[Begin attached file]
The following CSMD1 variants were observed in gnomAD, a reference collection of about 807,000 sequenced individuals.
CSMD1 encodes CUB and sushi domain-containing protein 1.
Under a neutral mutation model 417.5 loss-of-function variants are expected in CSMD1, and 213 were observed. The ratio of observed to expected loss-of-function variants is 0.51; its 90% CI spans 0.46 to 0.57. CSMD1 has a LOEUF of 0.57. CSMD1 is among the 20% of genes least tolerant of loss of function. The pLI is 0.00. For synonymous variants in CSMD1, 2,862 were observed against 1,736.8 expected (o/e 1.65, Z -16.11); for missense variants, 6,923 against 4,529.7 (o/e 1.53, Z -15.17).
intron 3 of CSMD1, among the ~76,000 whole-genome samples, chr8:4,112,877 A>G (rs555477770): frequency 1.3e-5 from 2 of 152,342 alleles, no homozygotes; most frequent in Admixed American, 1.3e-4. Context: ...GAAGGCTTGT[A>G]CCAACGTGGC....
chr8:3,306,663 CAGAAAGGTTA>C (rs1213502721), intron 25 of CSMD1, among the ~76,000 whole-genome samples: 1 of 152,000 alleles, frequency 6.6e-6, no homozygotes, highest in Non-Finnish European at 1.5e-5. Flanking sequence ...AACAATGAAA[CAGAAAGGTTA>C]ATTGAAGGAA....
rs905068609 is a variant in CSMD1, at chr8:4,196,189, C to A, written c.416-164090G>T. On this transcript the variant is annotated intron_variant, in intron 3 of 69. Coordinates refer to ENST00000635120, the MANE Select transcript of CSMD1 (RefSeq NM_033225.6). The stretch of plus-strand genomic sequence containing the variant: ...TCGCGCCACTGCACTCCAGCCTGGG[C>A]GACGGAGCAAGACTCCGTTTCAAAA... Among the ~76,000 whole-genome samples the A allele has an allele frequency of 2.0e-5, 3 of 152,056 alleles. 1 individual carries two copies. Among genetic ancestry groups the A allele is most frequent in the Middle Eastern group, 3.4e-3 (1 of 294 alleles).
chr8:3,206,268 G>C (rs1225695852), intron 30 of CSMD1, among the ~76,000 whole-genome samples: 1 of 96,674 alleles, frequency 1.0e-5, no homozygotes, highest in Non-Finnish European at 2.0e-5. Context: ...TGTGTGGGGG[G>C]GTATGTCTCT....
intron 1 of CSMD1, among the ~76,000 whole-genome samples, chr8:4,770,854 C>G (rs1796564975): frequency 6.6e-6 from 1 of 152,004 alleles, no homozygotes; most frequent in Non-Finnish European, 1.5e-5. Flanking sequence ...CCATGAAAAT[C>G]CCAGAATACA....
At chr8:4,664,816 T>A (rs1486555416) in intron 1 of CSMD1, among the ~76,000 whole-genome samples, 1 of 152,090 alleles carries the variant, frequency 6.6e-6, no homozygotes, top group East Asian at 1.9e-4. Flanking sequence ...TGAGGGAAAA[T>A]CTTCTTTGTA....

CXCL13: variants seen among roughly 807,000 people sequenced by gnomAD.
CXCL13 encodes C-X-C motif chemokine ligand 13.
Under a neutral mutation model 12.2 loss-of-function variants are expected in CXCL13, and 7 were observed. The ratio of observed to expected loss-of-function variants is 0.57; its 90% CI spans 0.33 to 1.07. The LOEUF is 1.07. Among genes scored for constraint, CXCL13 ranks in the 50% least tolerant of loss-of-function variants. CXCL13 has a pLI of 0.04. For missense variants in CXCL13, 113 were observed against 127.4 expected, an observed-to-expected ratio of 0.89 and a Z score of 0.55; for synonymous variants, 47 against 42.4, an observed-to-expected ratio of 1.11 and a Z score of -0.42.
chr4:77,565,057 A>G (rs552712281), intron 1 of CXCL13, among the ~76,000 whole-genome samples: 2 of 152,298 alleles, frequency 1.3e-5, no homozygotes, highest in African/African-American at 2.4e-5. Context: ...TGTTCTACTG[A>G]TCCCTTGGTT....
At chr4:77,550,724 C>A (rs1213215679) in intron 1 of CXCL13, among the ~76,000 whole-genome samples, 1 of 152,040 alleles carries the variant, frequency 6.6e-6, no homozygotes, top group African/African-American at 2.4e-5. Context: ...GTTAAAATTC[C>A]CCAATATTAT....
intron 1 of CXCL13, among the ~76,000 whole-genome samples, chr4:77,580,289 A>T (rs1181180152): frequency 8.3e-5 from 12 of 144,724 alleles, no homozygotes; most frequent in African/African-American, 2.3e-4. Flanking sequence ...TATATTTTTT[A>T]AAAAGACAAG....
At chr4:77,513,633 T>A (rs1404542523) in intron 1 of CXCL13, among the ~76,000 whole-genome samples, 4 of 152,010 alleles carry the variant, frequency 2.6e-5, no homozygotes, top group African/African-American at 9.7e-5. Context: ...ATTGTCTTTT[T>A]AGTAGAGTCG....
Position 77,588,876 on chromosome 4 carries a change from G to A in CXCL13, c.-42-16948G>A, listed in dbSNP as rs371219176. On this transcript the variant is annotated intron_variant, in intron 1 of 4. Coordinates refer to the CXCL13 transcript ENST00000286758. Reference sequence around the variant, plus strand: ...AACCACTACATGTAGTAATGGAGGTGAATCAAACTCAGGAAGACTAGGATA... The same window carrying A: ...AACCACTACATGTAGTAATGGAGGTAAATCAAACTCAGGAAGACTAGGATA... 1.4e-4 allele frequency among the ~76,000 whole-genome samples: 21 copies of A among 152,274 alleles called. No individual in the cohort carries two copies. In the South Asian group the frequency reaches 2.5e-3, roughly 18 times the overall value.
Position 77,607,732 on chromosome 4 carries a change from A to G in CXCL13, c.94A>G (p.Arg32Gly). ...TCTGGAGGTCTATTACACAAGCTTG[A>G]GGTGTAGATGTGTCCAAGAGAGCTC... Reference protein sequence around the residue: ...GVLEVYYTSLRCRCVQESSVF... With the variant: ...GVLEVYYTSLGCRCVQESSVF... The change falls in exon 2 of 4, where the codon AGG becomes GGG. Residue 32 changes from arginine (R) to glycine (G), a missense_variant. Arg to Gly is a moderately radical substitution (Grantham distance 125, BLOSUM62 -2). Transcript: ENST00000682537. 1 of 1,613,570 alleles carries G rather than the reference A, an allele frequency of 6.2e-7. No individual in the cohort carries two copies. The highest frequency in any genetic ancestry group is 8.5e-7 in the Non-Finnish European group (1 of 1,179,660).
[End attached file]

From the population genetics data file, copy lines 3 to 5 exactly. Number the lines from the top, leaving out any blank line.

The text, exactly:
Under a neutral mutation model 417.5 loss-of-function variants are expected in CSMD1, and 213 were observed. The ratio of observed to expected loss-of-function variants is 0.51; its 90% CI spans 0.46 to 0.57. CSMD1 has a LOEUF of 0.57. CSMD1 is among the 20% of genes least tolerant of loss of function. The pLI is 0.00. For synonymous variants in CSMD1, 2,862 were observed against 1,736.8 expected (o/e 1.65, Z -16.11); for missense variants, 6,923 against 4,529.7 (o/e 1.53, Z -15.17).
intron 3 of CSMD1, among the ~76,000 whole-genome samples, chr8:4,112,877 A>G (rs555477770): frequency 1.3e-5 from 2 of 152,342 alleles, no homozygotes; most frequent in Admixed American, 1.3e-4. Context: ...GAAGGCTTGT[A>G]CCAACGTGGC....
chr8:3,306,663 CAGAAAGGTTA>C (rs1213502721), intron 25 of CSMD1, among the ~76,000 whole-genome samples: 1 of 152,000 alleles, frequency 6.6e-6, no homozygotes, highest in Non-Finnish European at 1.5e-5. Flanking sequence ...AACAATGAAA[CAGAAAGGTTA>C]ATTGAAGGAA....